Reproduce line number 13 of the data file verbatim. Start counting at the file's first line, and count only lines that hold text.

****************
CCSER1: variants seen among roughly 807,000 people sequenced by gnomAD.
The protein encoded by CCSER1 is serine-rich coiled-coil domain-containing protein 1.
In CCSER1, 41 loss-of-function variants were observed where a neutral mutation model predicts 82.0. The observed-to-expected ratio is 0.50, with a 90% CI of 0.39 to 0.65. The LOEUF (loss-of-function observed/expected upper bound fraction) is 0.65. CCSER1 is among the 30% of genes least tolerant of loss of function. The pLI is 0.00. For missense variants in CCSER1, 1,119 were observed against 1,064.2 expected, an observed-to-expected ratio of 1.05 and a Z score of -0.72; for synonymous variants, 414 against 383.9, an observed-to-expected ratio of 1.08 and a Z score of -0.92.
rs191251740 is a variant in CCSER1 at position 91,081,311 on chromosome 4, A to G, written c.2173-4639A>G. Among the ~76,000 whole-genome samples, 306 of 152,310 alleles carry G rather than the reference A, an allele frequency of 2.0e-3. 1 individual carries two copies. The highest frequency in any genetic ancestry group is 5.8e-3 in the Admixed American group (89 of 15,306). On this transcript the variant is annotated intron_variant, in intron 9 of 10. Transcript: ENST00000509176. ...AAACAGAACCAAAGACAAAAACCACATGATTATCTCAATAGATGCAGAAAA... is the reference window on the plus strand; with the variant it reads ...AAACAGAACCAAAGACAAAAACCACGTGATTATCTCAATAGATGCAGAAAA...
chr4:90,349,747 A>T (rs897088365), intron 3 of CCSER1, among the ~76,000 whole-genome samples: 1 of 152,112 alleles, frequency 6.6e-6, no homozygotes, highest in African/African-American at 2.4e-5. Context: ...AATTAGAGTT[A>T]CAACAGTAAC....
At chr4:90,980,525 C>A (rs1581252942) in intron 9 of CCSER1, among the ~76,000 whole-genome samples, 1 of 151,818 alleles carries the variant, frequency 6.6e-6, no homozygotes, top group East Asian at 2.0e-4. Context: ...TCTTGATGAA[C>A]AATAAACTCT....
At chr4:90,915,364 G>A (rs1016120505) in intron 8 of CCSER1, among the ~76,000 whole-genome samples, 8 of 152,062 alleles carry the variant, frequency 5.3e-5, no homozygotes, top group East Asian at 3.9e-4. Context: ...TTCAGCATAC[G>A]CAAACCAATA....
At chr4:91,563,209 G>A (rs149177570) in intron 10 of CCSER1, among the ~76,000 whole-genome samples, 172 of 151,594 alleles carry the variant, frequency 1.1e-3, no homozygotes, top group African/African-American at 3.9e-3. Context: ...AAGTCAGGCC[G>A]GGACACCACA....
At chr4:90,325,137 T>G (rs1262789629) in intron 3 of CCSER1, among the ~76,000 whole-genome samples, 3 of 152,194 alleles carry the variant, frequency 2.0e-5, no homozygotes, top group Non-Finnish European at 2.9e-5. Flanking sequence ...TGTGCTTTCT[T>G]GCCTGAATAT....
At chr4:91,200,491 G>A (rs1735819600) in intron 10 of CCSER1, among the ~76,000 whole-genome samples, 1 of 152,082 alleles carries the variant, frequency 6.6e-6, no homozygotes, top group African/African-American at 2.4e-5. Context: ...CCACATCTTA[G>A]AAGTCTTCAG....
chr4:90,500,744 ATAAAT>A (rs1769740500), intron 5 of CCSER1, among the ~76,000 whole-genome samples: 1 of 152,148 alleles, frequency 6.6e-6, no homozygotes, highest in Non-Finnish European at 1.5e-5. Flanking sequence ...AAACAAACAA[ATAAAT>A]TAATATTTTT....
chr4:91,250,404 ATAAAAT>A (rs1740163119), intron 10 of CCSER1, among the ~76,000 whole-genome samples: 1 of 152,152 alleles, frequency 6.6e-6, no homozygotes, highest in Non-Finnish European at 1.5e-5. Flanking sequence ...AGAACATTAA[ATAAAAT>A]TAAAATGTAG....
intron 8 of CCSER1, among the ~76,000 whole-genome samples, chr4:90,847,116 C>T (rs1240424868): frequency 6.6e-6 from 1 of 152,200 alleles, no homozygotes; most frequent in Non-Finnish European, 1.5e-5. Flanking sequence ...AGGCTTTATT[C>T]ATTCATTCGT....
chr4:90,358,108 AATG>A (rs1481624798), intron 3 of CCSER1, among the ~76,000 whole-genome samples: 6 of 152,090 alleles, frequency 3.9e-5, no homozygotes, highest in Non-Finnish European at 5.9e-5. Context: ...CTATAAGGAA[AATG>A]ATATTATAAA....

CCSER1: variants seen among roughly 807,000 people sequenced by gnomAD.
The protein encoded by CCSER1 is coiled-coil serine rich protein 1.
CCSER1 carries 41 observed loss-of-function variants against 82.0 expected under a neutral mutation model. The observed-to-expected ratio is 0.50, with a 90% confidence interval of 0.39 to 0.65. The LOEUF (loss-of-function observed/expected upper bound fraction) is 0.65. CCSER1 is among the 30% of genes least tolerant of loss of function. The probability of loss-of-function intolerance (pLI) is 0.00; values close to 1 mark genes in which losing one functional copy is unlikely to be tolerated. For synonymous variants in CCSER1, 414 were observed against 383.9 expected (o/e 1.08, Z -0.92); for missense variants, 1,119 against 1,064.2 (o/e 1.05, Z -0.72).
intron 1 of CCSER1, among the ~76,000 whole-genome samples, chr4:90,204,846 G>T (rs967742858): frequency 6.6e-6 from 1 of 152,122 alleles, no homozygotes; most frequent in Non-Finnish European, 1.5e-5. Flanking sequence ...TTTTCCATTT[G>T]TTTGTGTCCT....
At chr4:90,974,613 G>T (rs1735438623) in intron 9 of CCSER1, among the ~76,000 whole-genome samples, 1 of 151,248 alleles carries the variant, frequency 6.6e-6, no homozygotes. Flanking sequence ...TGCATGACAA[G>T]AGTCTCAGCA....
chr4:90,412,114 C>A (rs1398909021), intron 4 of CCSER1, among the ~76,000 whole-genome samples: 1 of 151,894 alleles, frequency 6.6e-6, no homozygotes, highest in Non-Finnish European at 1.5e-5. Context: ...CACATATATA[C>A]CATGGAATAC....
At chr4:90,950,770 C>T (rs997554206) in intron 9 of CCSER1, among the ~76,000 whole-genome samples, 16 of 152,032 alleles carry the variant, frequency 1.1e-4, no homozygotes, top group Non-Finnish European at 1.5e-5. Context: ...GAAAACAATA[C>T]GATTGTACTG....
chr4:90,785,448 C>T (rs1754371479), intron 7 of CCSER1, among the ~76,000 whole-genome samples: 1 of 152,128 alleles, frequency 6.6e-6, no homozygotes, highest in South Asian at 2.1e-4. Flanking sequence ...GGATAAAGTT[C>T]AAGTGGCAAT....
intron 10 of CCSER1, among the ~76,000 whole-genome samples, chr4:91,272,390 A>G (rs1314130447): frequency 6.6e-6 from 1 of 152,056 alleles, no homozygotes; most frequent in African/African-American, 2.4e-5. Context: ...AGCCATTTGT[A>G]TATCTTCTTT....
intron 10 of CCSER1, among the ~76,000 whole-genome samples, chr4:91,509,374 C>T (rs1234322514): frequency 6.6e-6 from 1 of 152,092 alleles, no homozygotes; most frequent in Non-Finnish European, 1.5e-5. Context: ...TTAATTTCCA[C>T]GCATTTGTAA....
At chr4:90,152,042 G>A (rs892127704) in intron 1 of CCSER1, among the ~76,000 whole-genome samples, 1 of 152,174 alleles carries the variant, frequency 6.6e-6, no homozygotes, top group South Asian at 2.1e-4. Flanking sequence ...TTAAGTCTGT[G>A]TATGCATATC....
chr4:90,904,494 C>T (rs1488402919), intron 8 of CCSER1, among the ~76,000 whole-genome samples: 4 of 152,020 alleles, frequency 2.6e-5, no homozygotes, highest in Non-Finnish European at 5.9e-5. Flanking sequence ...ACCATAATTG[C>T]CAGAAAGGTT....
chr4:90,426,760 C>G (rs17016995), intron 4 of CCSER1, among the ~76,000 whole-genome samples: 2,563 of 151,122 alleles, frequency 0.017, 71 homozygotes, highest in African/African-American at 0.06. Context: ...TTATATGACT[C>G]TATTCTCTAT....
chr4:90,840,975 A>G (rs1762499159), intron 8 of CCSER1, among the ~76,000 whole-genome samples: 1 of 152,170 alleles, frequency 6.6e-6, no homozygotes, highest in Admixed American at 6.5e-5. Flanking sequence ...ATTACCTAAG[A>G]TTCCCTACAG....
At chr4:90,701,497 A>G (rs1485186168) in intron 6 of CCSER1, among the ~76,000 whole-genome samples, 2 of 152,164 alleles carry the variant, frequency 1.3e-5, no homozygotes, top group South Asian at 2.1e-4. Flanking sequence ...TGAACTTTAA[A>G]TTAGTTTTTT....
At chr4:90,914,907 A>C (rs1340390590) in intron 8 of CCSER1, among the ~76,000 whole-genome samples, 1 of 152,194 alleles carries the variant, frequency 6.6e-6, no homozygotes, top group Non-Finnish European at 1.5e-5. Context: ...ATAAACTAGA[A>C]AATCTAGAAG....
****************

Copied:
intron 8 of CCSER1, among the ~76,000 whole-genome samples, chr4:90,847,116 C>T (rs1240424868): frequency 6.6e-6 from 1 of 152,200 alleles, no homozygotes; most frequent in Non-Finnish European, 1.5e-5. Flanking sequence ...AGGCTTTATT[C>T]ATTCATTCGT....